An Account of Growing up Around Alcohol
In college, it’s pretty common to hear people refer to themselves as “a literal alcoholic” because they went to Barnyard on a Tuesday night. It’s easy to laugh these comments off and go on with your night, but they can actually minimize what alcoholism is. It is not getting drunk in your freshman dorm a couple of times a week, it’s something that can fully ruin your life and is something that caused me immense amounts of pain throughout my childhood.
Growing up, my dad was almost never home before 6 AM. At first, I never knew why, but I assumed it wasn’t for super fantastic reasons. As I got older and continually saw his car parked in front of the local bar, I began to put the pieces together. I would be getting ready for school, and he would stumble into the kitchen without even trying to act sober. I learned to deal with that, and I was asleep so I could rationalize it away, but it was when he began missing sporting events and award ceremonies that it began to take a toll. It felt like he was choosing the bar over being with his family, and while I wanted him home, he was even worse when he was. He was cruel and constantly agitated. He couldn’t stand to be away from his bar, and it showed.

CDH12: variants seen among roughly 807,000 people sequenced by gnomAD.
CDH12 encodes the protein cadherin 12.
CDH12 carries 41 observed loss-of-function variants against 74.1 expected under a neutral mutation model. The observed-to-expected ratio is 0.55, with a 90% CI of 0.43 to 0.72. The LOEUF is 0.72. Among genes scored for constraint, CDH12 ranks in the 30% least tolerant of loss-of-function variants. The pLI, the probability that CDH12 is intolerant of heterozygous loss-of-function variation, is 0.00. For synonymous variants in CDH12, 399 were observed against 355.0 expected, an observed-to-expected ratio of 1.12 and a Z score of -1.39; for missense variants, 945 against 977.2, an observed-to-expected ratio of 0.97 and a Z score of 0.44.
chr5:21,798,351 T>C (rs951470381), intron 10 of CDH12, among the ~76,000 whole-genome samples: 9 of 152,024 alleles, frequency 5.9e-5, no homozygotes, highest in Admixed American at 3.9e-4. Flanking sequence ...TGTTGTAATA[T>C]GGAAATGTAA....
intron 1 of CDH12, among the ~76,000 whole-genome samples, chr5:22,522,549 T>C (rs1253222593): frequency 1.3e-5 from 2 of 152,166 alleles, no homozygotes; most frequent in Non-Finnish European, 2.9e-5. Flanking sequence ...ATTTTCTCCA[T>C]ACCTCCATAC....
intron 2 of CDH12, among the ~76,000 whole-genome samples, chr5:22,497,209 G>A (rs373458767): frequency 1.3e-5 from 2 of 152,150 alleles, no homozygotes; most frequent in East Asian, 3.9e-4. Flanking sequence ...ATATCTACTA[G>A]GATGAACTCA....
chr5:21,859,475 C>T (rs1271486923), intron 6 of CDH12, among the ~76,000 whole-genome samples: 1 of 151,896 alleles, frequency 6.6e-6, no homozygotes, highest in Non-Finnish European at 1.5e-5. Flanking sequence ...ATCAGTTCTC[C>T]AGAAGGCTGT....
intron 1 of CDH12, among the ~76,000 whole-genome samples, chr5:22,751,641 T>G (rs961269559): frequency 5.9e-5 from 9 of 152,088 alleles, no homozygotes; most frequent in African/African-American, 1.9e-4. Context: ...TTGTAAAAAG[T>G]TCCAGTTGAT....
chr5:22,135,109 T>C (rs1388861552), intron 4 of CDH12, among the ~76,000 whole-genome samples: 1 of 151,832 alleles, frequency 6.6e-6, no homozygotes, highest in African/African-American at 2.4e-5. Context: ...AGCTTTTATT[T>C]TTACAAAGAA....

After my parents divorced, I didn’t see my dad much, and it felt like this part of my life was over, but then when I got to high school, all my friends started drinking. At first, I thought that it was totally fine. I mean, I wasn’t going to partake, but I also wasn’t going to stop their fun, so I would hang out with them. I initially had a good time, but as they got progressively more drunk, I began to get nervous in a way I had never felt before. I couldn’t move or even breathe, I just wanted that night to be over. Because I didn’t want to have this kind of anxiety again, and especially not in a social setting, I began to not hang out with my friends when they were going to drink. This worked for a bit, but when they would drunk text me, I would have even more anxiety. To me, it felt like my friends were just like him, I was so scared that they were going to leave and never come back.
My anxiety caused a lot of my friends at the time to pull away, some because it made it more difficult to hang out and others because they felt like I was acting like a parent. As some of my friends pulled away, I felt like a freak, like I couldn’t take part in this thing that everybody else had a great time doing. I didn’t get to have these experiences, and I just felt alone and isolated.
Over time I got over this fear and now have a normal relationship with alcohol, but these memories still stick with me. That’s why I can seem like a stick in the mud whenever people make jokes about alcoholism. It’s important for people to understand the implications of the jokes that they make.